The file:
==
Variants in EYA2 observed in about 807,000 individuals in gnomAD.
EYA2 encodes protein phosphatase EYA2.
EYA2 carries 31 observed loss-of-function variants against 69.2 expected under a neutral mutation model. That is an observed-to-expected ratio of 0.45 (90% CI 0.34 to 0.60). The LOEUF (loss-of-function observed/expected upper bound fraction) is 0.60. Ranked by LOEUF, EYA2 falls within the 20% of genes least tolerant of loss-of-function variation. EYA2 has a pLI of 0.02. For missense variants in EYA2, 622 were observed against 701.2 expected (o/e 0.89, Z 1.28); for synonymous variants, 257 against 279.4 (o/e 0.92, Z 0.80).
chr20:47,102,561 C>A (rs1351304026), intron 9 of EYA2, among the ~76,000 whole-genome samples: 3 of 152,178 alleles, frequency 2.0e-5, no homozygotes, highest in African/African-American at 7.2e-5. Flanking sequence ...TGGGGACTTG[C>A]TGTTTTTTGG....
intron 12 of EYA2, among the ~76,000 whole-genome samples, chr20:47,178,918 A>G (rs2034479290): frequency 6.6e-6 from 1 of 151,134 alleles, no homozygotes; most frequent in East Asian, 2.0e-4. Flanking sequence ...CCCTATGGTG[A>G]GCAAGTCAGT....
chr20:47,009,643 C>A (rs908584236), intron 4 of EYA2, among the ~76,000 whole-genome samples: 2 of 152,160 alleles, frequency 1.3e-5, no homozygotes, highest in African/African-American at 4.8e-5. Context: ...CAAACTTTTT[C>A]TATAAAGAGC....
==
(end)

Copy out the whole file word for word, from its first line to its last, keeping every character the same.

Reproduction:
Variants in EYA2 observed in about 807,000 individuals in gnomAD.
EYA2 encodes protein phosphatase EYA2.
EYA2 carries 31 observed loss-of-function variants against 69.2 expected under a neutral mutation model. That is an observed-to-expected ratio of 0.45 (90% CI 0.34 to 0.60). The LOEUF (loss-of-function observed/expected upper bound fraction) is 0.60. Ranked by LOEUF, EYA2 falls within the 20% of genes least tolerant of loss-of-function variation. EYA2 has a pLI of 0.02. For missense variants in EYA2, 622 were observed against 701.2 expected (o/e 0.89, Z 1.28); for synonymous variants, 257 against 279.4 (o/e 0.92, Z 0.80).
chr20:47,102,561 C>A (rs1351304026), intron 9 of EYA2, among the ~76,000 whole-genome samples: 3 of 152,178 alleles, frequency 2.0e-5, no homozygotes, highest in African/African-American at 7.2e-5. Flanking sequence ...TGGGGACTTG[C>A]TGTTTTTTGG....
intron 12 of EYA2, among the ~76,000 whole-genome samples, chr20:47,178,918 A>G (rs2034479290): frequency 6.6e-6 from 1 of 151,134 alleles, no homozygotes; most frequent in East Asian, 2.0e-4. Flanking sequence ...CCCTATGGTG[A>G]GCAAGTCAGT....
chr20:47,009,643 C>A (rs908584236), intron 4 of EYA2, among the ~76,000 whole-genome samples: 2 of 152,160 alleles, frequency 1.3e-5, no homozygotes, highest in African/African-American at 4.8e-5. Context: ...CAAACTTTTT[C>A]TATAAAGAGC....